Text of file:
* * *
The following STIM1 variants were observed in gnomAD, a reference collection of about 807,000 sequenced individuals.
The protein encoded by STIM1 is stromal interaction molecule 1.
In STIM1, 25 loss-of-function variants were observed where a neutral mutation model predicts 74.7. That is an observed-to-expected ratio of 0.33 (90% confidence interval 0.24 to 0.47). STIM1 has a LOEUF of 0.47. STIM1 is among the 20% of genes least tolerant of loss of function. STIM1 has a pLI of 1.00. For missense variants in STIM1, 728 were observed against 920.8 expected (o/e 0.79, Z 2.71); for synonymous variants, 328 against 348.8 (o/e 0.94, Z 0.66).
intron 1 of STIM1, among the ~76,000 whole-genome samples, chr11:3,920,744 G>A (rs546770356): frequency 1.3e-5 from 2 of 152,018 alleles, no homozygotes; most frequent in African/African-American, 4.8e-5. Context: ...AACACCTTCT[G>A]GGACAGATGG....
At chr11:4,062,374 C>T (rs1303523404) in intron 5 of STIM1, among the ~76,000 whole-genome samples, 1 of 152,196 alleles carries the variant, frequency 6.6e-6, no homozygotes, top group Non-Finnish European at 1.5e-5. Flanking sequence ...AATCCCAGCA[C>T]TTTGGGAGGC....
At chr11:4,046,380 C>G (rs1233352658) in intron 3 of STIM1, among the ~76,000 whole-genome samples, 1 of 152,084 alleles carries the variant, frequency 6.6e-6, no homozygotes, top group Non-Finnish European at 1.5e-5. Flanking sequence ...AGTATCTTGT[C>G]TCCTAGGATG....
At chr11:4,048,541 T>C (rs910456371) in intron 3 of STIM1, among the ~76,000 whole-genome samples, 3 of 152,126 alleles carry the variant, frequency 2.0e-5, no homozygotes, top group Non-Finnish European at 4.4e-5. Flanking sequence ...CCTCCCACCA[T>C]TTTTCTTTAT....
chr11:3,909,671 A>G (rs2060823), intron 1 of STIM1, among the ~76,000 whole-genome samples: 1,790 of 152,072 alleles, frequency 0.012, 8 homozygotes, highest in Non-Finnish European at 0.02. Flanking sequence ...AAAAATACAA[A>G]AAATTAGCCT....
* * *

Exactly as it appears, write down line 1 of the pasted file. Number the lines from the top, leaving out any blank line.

The following STIM1 variants were observed in gnomAD, a reference collection of about 807,000 sequenced individuals.